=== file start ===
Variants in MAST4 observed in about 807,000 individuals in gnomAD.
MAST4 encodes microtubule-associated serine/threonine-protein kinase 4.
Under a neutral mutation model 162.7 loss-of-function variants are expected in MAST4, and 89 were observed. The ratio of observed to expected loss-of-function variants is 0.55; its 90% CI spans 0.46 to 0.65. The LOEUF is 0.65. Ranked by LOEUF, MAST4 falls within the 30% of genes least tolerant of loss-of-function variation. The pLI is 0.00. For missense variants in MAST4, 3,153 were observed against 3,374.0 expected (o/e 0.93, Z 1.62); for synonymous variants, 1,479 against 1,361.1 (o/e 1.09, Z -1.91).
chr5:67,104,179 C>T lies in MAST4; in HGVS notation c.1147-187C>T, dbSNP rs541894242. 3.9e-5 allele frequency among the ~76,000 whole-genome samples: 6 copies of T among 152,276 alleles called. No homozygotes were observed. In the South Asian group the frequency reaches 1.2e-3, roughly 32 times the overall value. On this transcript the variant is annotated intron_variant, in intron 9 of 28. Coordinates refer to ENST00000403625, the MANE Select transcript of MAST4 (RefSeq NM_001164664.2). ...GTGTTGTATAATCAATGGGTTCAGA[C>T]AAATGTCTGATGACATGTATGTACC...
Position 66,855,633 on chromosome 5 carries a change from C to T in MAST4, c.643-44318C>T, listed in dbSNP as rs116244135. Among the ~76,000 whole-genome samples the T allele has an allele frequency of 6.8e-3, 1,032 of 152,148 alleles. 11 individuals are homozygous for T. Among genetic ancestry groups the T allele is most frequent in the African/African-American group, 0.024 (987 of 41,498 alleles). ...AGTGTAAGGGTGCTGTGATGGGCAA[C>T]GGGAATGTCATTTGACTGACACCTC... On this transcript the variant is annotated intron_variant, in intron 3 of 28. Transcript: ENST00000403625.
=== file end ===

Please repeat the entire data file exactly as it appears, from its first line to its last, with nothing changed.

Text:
Variants in MAST4 observed in about 807,000 individuals in gnomAD.
MAST4 encodes microtubule-associated serine/threonine-protein kinase 4.
Under a neutral mutation model 162.7 loss-of-function variants are expected in MAST4, and 89 were observed. The ratio of observed to expected loss-of-function variants is 0.55; its 90% CI spans 0.46 to 0.65. The LOEUF is 0.65. Ranked by LOEUF, MAST4 falls within the 30% of genes least tolerant of loss-of-function variation. The pLI is 0.00. For missense variants in MAST4, 3,153 were observed against 3,374.0 expected (o/e 0.93, Z 1.62); for synonymous variants, 1,479 against 1,361.1 (o/e 1.09, Z -1.91).
chr5:67,104,179 C>T lies in MAST4; in HGVS notation c.1147-187C>T, dbSNP rs541894242. 3.9e-5 allele frequency among the ~76,000 whole-genome samples: 6 copies of T among 152,276 alleles called. No homozygotes were observed. In the South Asian group the frequency reaches 1.2e-3, roughly 32 times the overall value. On this transcript the variant is annotated intron_variant, in intron 9 of 28. Coordinates refer to ENST00000403625, the MANE Select transcript of MAST4 (RefSeq NM_001164664.2). ...GTGTTGTATAATCAATGGGTTCAGA[C>T]AAATGTCTGATGACATGTATGTACC...
Position 66,855,633 on chromosome 5 carries a change from C to T in MAST4, c.643-44318C>T, listed in dbSNP as rs116244135. Among the ~76,000 whole-genome samples the T allele has an allele frequency of 6.8e-3, 1,032 of 152,148 alleles. 11 individuals are homozygous for T. Among genetic ancestry groups the T allele is most frequent in the African/African-American group, 0.024 (987 of 41,498 alleles). ...AGTGTAAGGGTGCTGTGATGGGCAA[C>T]GGGAATGTCATTTGACTGACACCTC... On this transcript the variant is annotated intron_variant, in intron 3 of 28. Transcript: ENST00000403625.